Although filled with hope and promise, New Year’s Day a hundred years ago more than suggests that the world is no better off today than it was in 1919.
Today we have unsettled politics, American troops fighting in faraway places, controversial drug laws, medical care issues, and immigration conflicts while — well, just like they did back then.
In 1919, on what is normally the cheeriest day of the year, the dust was barely settling from Armistice Day, a month and a half earlier. Soldiers from Utah were trickling home, scarred and broken from a global conflict that, according to some sources, claimed an estimated 16 million lives.
It was the worst war the world had ever known — to that point, anyway. Armistice Day set the stage for what would be the world’s worst war (again, to that point) 20 years later, killing about 85 million or roughly 3 percent of the earth’s population.
Health was also a major concern then — as it is now. Although winding down, the effects of the Spanish flu epidemic still raged in places. In 1919, nurses in Salt Lake City were in short supply and drawing unprecedented wages. The flu claimed 50 million to 100 million lives.
Speaking of hope for change, Salt Lake City’s first arrest of 1919 was made when police Capt. Henry Taggart and Patrolman Walter Griffin snatched up “on the hip man” J. Rust at the Hub Hotel.
Rust was in effect a walking bar, selling shots on the sly from a glass and two pints of whiskey concealed in an apparatus on his hip. It would be another 14 new years before Utah became the deciding vote to repeal Prohibition. Take note, Prop 2 opponents.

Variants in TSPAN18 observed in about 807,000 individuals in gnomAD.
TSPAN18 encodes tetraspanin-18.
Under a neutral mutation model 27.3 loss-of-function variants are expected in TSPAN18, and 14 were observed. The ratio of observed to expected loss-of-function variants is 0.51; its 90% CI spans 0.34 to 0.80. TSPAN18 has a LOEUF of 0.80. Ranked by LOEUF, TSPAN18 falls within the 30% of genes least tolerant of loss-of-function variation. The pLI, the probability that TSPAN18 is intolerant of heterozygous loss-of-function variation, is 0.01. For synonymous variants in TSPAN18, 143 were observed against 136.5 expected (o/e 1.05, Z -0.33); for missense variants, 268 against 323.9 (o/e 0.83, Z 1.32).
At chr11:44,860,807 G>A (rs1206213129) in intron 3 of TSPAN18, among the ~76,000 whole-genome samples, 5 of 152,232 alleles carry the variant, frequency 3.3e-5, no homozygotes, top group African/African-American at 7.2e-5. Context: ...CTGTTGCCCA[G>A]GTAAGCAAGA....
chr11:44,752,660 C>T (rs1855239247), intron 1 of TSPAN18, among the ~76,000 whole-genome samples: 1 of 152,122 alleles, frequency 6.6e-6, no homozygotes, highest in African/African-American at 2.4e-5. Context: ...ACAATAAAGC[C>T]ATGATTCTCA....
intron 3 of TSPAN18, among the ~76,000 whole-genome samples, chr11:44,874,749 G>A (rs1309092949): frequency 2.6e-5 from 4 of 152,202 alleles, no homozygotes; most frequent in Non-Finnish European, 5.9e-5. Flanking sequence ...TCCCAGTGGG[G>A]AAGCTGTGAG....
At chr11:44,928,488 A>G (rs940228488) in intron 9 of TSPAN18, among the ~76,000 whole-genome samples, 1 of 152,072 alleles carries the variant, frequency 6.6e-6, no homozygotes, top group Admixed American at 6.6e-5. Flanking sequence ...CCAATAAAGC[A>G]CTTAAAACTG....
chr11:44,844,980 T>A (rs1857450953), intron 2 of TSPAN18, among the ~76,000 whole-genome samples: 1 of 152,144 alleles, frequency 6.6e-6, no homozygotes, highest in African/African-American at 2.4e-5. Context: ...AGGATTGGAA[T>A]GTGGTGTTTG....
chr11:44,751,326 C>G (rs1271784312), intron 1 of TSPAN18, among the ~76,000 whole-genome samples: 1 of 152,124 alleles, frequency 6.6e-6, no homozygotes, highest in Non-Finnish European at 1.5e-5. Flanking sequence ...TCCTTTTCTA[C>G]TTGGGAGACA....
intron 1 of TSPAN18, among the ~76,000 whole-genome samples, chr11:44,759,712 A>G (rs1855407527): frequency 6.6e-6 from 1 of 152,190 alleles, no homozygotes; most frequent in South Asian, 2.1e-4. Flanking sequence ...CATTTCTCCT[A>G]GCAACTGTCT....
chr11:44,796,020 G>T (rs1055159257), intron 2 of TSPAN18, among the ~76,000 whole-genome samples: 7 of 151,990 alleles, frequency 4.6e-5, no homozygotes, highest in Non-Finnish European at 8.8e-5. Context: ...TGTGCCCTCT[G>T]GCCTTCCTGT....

A hundred years ago, prisoners at the state penitentiary in Sugar House, including life termers, banged metal objects against the bars of their cells in celebration of another year in overcrowded confinement.
In 1919, as it does today, public idiocy contributed to the rising cost of public safety. On New Year’s Day 1919, the entire Salt Lake City Fire Department responded to its first call of the year, which turned out to be a false alarm triggered by a drunk who believed the light dancing on the outside of the glass windows of Longfellow School were actually flames inside the school.
Forgiveness was in equally short supply back then. The headline of the Salt Lake Telegram’s sports section on Jan. 1, 1919: “A Happy New Year to the Whole Bloomin’ World — Except the Huns.” Today, we have the benevolent nature of social media.
All I’m saying is that humanity has always celebrated another year in a horrible world. We can make some things better — usually by making other things worse — but we can’t change the nature of the world.
Today, we have a controversial president who some believe is controlled by outside influences (namely Russia). Lots of people hope 2019 will spell disaster for President Donald Trump.
In 1919, we had a somewhat similar situation. President Woodrow Wilson (on his second marriage) had gotten us into World War I. This and other decisions made him a lot of enemies who wished him ill. They got their wish. In October 1919, he had a stroke.
Many believe that Wilson’s second wife, who refused to allow outsiders to bother the stricken president with running the nation, took it upon herself to “relay” the president’s desires to his Cabinet. Historians believe that she was essentially the president until her husband’s term ended. How’s that for outside influence?
We’ll always inherit a messy, awful world. On New Year’s Day, the best we can hope for is to change ourselves and make our immediate surroundings better for those we love.